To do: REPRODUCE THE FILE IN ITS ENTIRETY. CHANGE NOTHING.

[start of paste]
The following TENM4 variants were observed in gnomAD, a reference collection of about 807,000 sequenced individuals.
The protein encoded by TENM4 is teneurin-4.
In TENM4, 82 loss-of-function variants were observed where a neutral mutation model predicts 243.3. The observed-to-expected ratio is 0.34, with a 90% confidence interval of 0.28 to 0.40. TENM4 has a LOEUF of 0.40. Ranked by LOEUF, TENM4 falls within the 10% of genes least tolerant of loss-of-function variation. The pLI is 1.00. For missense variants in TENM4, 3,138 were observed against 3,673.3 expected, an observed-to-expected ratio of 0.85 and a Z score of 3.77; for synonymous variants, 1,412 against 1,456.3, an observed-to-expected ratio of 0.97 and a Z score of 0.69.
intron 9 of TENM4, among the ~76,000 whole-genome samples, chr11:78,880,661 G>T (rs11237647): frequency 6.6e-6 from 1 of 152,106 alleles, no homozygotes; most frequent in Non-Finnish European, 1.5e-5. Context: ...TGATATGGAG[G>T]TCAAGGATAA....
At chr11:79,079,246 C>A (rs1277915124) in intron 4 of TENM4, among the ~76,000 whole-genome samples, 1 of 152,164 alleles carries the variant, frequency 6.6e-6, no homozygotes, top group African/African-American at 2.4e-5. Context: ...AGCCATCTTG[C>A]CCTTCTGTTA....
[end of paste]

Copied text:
The following TENM4 variants were observed in gnomAD, a reference collection of about 807,000 sequenced individuals.
The protein encoded by TENM4 is teneurin-4.
In TENM4, 82 loss-of-function variants were observed where a neutral mutation model predicts 243.3. The observed-to-expected ratio is 0.34, with a 90% confidence interval of 0.28 to 0.40. TENM4 has a LOEUF of 0.40. Ranked by LOEUF, TENM4 falls within the 10% of genes least tolerant of loss-of-function variation. The pLI is 1.00. For missense variants in TENM4, 3,138 were observed against 3,673.3 expected, an observed-to-expected ratio of 0.85 and a Z score of 3.77; for synonymous variants, 1,412 against 1,456.3, an observed-to-expected ratio of 0.97 and a Z score of 0.69.
intron 9 of TENM4, among the ~76,000 whole-genome samples, chr11:78,880,661 G>T (rs11237647): frequency 6.6e-6 from 1 of 152,106 alleles, no homozygotes; most frequent in Non-Finnish European, 1.5e-5. Context: ...TGATATGGAG[G>T]TCAAGGATAA....
At chr11:79,079,246 C>A (rs1277915124) in intron 4 of TENM4, among the ~76,000 whole-genome samples, 1 of 152,164 alleles carries the variant, frequency 6.6e-6, no homozygotes, top group African/African-American at 2.4e-5. Context: ...AGCCATCTTG[C>A]CCTTCTGTTA....